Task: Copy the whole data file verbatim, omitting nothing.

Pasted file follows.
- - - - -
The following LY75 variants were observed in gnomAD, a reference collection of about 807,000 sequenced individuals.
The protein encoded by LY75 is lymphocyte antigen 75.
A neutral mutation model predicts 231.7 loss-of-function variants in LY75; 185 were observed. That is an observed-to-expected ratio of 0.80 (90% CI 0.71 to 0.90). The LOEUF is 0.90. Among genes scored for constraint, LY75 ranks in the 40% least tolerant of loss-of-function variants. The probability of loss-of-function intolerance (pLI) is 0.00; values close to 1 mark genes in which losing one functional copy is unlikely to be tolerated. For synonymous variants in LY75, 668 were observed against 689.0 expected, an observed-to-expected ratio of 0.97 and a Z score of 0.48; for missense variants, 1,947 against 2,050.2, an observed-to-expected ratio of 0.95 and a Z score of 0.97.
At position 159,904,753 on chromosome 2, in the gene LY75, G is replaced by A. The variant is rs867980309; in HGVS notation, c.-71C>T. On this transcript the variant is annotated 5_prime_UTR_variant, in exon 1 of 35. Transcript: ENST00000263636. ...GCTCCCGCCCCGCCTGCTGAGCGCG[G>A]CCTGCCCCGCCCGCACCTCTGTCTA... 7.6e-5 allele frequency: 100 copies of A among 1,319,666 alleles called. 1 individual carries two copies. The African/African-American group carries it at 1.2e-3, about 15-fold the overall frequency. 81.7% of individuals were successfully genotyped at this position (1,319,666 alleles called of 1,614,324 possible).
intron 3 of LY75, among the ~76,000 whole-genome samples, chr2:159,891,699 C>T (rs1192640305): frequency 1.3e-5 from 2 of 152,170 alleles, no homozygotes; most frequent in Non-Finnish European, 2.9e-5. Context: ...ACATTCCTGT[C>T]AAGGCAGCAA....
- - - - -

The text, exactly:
The following LY75 variants were observed in gnomAD, a reference collection of about 807,000 sequenced individuals.
The protein encoded by LY75 is lymphocyte antigen 75.
A neutral mutation model predicts 231.7 loss-of-function variants in LY75; 185 were observed. That is an observed-to-expected ratio of 0.80 (90% CI 0.71 to 0.90). The LOEUF is 0.90. Among genes scored for constraint, LY75 ranks in the 40% least tolerant of loss-of-function variants. The probability of loss-of-function intolerance (pLI) is 0.00; values close to 1 mark genes in which losing one functional copy is unlikely to be tolerated. For synonymous variants in LY75, 668 were observed against 689.0 expected, an observed-to-expected ratio of 0.97 and a Z score of 0.48; for missense variants, 1,947 against 2,050.2, an observed-to-expected ratio of 0.95 and a Z score of 0.97.
At position 159,904,753 on chromosome 2, in the gene LY75, G is replaced by A. The variant is rs867980309; in HGVS notation, c.-71C>T. On this transcript the variant is annotated 5_prime_UTR_variant, in exon 1 of 35. Transcript: ENST00000263636. ...GCTCCCGCCCCGCCTGCTGAGCGCG[G>A]CCTGCCCCGCCCGCACCTCTGTCTA... 7.6e-5 allele frequency: 100 copies of A among 1,319,666 alleles called. 1 individual carries two copies. The African/African-American group carries it at 1.2e-3, about 15-fold the overall frequency. 81.7% of individuals were successfully genotyped at this position (1,319,666 alleles called of 1,614,324 possible).
intron 3 of LY75, among the ~76,000 whole-genome samples, chr2:159,891,699 C>T (rs1192640305): frequency 1.3e-5 from 2 of 152,170 alleles, no homozygotes; most frequent in Non-Finnish European, 2.9e-5. Context: ...ACATTCCTGT[C>T]AAGGCAGCAA....